More Than Medication -- Achieving Psychotherapy Goals in Patients With Bipolar Disorder in Challenging Settings.

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Although the use of medications is crucial to the effective management of bipolar disorder, there is increasing evidence that other modalities reduce relapse but often are neglected in the outpatient management of the patient with bipolar disorder.14 For example, both psychoeducation and cognitive-behavioral therapy (CBT) were found to be effective in a literature review of available evidence on reducing relapse rates, and there was some evidence supporting interpersonal rhythms therapy and family-focused therapy.1,2 Individuals with bipolar disorder have syndromal or subsyndromal symptoms of depression 40 to 50 percent of the time.3 A cognitive-behavioral psychotherapeutic approach was used in a recent prospective study done in London, England. One hundred and three people with bipolar disorder type I were followed for a 30-month period. They were divided into two groups: cognitive therapy and general supportive case management. Service utilization and total costs were measured at three-month intervals. The group receiving cognitive therapy had significantly better clinical outcomes in terms of reduction of overall service need and overall cost to the system. In another study, the efficacy of several adjunctive psychotherapies for the maintenance treatment of bipolar disorder was reviewed. Psychoeducation was found to be very helpful to enhance adherence and for early identification of prodromal signs.4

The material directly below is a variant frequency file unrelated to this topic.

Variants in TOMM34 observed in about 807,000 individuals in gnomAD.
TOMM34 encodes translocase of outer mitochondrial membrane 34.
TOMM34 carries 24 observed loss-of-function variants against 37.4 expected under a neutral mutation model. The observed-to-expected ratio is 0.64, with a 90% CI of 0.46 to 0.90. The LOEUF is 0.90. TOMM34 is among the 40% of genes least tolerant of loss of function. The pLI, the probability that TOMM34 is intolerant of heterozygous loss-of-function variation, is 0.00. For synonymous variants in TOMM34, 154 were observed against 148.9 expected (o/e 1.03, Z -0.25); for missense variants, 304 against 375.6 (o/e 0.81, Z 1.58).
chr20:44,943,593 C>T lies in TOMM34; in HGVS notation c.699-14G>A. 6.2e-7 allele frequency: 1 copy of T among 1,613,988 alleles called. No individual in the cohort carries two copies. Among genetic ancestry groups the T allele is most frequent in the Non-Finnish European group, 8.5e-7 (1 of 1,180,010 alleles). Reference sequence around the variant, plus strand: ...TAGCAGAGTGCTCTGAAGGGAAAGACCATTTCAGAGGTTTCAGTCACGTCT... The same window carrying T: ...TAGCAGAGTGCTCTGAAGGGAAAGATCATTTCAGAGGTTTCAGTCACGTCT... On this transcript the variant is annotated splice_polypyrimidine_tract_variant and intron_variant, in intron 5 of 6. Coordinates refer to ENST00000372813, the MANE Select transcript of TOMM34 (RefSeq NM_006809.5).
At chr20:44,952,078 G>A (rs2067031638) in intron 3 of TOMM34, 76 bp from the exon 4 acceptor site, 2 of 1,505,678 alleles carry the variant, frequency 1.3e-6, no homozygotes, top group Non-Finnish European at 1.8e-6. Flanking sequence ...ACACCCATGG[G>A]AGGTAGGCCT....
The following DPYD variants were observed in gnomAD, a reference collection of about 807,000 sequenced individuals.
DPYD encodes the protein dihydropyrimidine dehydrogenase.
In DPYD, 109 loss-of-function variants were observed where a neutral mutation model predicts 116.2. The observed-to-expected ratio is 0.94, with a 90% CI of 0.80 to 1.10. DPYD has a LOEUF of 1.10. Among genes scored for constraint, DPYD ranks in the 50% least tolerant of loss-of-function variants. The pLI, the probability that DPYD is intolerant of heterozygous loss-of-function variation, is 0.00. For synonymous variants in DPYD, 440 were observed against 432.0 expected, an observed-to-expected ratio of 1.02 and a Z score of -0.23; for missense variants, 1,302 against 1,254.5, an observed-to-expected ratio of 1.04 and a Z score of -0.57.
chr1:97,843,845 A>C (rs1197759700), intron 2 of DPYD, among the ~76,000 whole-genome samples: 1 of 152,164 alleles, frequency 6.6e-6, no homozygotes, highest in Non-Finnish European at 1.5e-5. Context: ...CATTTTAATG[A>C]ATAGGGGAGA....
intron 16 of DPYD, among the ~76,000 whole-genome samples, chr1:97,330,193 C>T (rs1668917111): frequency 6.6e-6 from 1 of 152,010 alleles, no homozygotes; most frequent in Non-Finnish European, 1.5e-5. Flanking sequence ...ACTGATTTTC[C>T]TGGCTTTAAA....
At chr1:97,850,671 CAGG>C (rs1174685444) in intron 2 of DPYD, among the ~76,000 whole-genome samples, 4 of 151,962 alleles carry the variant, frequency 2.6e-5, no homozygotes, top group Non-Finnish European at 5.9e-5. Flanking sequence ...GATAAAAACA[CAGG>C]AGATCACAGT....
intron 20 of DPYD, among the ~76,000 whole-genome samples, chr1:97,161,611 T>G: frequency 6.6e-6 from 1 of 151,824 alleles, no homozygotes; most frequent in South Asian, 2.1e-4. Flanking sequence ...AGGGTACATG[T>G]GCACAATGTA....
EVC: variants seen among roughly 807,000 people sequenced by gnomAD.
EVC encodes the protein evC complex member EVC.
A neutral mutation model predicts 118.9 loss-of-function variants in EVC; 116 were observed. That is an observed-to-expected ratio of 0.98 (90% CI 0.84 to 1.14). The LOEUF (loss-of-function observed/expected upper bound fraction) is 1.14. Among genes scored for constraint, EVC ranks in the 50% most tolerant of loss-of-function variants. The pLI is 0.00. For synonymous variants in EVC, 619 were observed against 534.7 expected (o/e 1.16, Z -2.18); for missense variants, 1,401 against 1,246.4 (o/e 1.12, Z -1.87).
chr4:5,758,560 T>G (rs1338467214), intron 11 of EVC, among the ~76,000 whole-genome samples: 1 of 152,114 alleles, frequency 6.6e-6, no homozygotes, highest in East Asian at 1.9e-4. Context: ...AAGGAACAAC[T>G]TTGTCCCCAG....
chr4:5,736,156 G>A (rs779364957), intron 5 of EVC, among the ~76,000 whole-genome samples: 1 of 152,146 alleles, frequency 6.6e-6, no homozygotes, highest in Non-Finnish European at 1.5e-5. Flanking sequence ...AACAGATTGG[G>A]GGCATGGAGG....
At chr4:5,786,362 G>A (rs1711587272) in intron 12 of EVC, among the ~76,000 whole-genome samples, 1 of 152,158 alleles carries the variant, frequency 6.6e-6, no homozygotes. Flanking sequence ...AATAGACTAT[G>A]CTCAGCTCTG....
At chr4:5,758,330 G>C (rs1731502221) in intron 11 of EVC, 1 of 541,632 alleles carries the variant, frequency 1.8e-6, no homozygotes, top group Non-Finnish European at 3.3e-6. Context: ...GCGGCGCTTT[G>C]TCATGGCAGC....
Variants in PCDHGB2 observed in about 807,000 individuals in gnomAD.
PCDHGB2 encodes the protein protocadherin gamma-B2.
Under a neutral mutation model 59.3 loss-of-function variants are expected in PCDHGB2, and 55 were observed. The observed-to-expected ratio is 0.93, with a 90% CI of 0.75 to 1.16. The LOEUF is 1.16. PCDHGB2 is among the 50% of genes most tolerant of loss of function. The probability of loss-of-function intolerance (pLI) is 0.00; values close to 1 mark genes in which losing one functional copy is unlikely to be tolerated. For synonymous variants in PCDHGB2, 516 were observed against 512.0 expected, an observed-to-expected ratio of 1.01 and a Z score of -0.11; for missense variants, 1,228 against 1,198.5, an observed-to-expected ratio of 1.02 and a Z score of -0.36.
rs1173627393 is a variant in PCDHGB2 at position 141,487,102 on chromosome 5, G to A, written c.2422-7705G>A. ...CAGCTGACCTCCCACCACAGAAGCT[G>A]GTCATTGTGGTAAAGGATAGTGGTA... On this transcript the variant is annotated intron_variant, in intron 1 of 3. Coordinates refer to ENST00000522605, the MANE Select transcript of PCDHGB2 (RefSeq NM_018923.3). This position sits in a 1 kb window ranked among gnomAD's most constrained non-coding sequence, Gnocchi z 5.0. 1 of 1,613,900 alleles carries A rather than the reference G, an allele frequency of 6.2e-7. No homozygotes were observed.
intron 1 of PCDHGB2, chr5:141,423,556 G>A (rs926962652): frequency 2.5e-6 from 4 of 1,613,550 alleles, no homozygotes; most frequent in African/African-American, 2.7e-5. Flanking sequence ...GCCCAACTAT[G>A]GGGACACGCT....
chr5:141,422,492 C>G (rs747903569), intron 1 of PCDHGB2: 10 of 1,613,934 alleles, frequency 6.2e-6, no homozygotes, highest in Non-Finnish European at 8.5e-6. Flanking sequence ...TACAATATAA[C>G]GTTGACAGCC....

Despite studies showing that various modalities of psychotherapy significantly reduce relapse rates, treatment is often solely medication management. This may be due to the perceptions that psychotherapy can do little for the seriously mentally ill patient, the focus on psychopharmacology for control of each symptom (even if it means significant polypharmacy with troublesome side effects), and the constraints of reimbursement systems focused solely on somatic treatments with little time and continuity allotted for psychotherapy by psychiatrists.

The case we describe in this article illustrates the challenges of managing a recently diagnosed college graduate student with bipolar disorder. The patient showed improvement once she was better able to recognize early symptoms and allow her family to assist in treatment without her feeling controlled. Not uncommonly, this disorder strikes people in their young adult years—often in college as with this woman. Although members of this college-aged patient population are adults, often their families still are very much involved in their lives both financially and emotionally. This involvement often creates expectations of the treatment by the parents or guardians who, not so long ago, were the decision-makers for the healthcare of their children.